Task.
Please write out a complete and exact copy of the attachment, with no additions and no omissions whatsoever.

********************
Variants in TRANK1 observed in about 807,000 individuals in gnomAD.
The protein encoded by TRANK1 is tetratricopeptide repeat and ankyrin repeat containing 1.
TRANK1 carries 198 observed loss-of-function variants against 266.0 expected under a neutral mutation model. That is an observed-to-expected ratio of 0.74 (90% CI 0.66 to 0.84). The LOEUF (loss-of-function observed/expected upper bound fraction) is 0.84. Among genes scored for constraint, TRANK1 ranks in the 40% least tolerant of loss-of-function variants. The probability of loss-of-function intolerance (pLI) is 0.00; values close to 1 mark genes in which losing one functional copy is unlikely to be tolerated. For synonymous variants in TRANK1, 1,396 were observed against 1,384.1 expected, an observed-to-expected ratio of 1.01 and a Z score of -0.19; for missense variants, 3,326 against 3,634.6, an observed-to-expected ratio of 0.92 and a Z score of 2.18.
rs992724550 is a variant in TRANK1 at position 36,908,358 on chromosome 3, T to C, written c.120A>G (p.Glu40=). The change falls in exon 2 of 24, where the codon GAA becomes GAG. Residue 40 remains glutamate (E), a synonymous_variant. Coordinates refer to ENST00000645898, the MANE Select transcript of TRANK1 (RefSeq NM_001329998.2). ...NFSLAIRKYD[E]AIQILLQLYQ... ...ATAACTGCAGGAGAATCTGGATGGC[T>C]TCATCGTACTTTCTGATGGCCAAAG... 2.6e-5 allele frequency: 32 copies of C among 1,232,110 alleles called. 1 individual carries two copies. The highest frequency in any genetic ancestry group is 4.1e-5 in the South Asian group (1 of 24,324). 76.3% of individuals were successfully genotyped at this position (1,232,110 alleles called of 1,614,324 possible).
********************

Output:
Variants in TRANK1 observed in about 807,000 individuals in gnomAD.
The protein encoded by TRANK1 is tetratricopeptide repeat and ankyrin repeat containing 1.
TRANK1 carries 198 observed loss-of-function variants against 266.0 expected under a neutral mutation model. That is an observed-to-expected ratio of 0.74 (90% CI 0.66 to 0.84). The LOEUF (loss-of-function observed/expected upper bound fraction) is 0.84. Among genes scored for constraint, TRANK1 ranks in the 40% least tolerant of loss-of-function variants. The probability of loss-of-function intolerance (pLI) is 0.00; values close to 1 mark genes in which losing one functional copy is unlikely to be tolerated. For synonymous variants in TRANK1, 1,396 were observed against 1,384.1 expected, an observed-to-expected ratio of 1.01 and a Z score of -0.19; for missense variants, 3,326 against 3,634.6, an observed-to-expected ratio of 0.92 and a Z score of 2.18.
rs992724550 is a variant in TRANK1 at position 36,908,358 on chromosome 3, T to C, written c.120A>G (p.Glu40=). The change falls in exon 2 of 24, where the codon GAA becomes GAG. Residue 40 remains glutamate (E), a synonymous_variant. Coordinates refer to ENST00000645898, the MANE Select transcript of TRANK1 (RefSeq NM_001329998.2). ...NFSLAIRKYD[E]AIQILLQLYQ... ...ATAACTGCAGGAGAATCTGGATGGC[T>C]TCATCGTACTTTCTGATGGCCAAAG... 2.6e-5 allele frequency: 32 copies of C among 1,232,110 alleles called. 1 individual carries two copies. The highest frequency in any genetic ancestry group is 4.1e-5 in the South Asian group (1 of 24,324). 76.3% of individuals were successfully genotyped at this position (1,232,110 alleles called of 1,614,324 possible).